After injury to periodontal tissues, a sequentially phased healing response is initiated that enables wound closure and partial restoration of tissue structure and function. Wound closure in periodontal tissues involves the tightly regulated coordination of resident cells in epithelial and connective tissue compartments. Multiple cell populations in these compartments synergize their metabolic activities to reestablish a mucosal seal that involves the underlying periodontal connective tissues and the attachment of these tissues to the tooth surface. The formation of an impermeable seal around the circumference of the tooth is of particular significance in oral health since colonization of tooth surfaces by pathogenic biofilms promotes inflammation, which can contribute to periodontal tissue degradation and tooth loss. The reformation of periodontal tissue structures in the healing response centrally involves fibroblasts, which synthesize and organize the collagen fibers that link alveolar bone and gingiva to the cementum covering the tooth root. The synthesis and remodeling of nascent collagen matrices are of fundamental importance for the reestablishment of a functional periodontium and are mediated by diverse, multi-functional fibroblast populations that reside within the connective tissues of gingiva and periodontal ligament. Notably, after gingival wounding, a fibroblast sub-type (myofibroblast) arises, which is centrally involved in collagen synthesis and fibrillar remodeling. While myofibroblasts are not usually seen in healthy, mature connective tissues, their formation is enhanced by wound-healing cytokines. The formation of myofibroblasts is also modulated by the stiffness of the extracellular matrix, which is mechanosensed by resident precursor cells in the gingival connective tissue microenvironment. Here, we consider the cellular origins and the factors that control the differentiation and matrix remodeling functions of periodontal fibroblasts. An improved understanding of the regulation and function of periodontal fibroblasts will be critical for the development of new therapies to optimize the restoration of periodontal structure and function after wounding.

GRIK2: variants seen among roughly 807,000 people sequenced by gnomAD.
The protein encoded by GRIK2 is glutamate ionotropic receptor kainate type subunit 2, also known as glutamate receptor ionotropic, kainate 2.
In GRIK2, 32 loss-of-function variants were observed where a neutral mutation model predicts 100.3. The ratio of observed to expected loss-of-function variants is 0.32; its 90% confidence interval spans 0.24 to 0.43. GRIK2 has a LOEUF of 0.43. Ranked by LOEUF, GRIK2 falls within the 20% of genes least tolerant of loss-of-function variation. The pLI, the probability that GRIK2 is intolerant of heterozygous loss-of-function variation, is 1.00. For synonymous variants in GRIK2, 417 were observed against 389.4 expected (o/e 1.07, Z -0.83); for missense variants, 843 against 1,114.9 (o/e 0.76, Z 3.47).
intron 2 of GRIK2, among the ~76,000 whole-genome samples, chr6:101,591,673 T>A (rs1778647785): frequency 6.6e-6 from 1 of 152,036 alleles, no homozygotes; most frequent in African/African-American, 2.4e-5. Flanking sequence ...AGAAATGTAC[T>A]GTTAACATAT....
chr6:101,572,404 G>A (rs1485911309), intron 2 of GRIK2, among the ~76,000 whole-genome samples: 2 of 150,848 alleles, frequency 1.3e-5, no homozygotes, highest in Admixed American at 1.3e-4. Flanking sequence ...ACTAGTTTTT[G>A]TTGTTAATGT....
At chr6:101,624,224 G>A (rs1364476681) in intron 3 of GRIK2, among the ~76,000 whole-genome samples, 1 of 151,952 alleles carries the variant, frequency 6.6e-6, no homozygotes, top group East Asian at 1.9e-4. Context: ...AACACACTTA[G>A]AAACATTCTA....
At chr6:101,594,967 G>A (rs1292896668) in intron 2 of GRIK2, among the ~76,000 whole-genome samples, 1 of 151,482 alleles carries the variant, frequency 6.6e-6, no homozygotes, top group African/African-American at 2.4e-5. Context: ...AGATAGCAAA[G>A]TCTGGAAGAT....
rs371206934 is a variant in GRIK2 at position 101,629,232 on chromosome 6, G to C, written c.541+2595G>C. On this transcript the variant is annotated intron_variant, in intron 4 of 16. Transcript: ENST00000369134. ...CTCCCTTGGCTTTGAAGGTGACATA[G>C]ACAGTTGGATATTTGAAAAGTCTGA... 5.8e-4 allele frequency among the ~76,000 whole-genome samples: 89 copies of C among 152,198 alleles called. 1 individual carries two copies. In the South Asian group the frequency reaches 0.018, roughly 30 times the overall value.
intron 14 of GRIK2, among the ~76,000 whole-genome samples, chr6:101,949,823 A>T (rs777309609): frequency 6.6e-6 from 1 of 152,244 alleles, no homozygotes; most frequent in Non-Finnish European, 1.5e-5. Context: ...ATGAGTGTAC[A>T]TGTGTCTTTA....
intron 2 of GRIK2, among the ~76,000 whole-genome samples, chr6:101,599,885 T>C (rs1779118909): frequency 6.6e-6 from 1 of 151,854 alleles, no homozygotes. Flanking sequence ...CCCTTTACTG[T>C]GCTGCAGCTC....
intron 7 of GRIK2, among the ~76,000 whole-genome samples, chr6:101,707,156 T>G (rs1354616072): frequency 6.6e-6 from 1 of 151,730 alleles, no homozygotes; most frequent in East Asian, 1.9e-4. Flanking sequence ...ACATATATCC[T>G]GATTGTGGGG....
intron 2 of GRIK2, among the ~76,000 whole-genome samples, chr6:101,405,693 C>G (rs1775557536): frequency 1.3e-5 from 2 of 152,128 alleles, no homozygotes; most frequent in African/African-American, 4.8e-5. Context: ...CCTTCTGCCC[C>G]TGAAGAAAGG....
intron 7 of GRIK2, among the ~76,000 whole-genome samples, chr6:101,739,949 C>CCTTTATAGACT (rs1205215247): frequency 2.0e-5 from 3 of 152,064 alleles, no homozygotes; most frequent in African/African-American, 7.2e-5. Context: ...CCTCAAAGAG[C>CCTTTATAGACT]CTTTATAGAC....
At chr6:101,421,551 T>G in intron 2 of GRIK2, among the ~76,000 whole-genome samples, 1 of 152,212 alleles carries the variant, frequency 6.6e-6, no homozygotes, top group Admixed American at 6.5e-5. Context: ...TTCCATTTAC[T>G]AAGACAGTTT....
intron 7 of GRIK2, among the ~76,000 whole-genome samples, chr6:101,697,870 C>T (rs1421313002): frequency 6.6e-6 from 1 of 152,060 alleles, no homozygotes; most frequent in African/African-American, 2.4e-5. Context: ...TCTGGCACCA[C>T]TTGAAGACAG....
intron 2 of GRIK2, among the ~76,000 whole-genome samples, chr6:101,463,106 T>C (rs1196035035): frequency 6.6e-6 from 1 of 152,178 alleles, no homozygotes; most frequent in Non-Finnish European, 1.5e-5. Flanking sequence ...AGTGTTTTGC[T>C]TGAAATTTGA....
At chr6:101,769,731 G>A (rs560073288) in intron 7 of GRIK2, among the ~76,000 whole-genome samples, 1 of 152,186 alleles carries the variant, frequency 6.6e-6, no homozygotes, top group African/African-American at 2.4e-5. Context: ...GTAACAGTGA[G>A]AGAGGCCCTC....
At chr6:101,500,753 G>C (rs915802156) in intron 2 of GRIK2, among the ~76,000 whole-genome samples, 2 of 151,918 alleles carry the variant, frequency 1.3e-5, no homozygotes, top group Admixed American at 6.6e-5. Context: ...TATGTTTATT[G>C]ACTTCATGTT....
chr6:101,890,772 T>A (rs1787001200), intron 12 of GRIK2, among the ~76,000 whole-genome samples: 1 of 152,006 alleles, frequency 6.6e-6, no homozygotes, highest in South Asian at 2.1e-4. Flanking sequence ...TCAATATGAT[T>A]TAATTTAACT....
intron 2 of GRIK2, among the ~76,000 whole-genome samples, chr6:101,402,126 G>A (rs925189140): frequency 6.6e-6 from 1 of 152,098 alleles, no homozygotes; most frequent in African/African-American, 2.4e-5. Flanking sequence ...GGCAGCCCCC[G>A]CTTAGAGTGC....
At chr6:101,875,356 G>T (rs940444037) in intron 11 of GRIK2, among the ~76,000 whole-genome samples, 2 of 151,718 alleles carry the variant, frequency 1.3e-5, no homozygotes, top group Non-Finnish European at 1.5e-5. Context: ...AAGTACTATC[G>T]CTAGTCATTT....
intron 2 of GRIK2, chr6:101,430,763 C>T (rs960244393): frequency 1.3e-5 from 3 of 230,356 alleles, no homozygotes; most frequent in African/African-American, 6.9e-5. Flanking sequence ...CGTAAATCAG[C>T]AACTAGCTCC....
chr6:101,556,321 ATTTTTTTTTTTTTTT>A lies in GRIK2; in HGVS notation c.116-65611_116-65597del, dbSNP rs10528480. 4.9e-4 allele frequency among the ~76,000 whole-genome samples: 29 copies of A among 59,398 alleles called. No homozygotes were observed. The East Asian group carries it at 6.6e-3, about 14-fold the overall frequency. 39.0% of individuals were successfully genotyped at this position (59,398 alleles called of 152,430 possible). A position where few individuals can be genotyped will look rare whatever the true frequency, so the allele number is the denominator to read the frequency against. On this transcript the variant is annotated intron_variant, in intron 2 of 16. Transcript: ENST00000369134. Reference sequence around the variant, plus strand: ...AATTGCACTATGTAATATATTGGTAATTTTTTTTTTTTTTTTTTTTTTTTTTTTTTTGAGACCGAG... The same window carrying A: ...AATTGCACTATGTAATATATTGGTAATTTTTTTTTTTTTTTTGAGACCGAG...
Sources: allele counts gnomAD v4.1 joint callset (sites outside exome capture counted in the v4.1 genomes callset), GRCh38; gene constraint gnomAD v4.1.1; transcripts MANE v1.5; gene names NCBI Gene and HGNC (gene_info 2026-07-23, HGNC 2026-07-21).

Front Physiol. 2019 Apr 24;10:270. doi: 10.3389/fphys.2019.00270. eCollection 2019.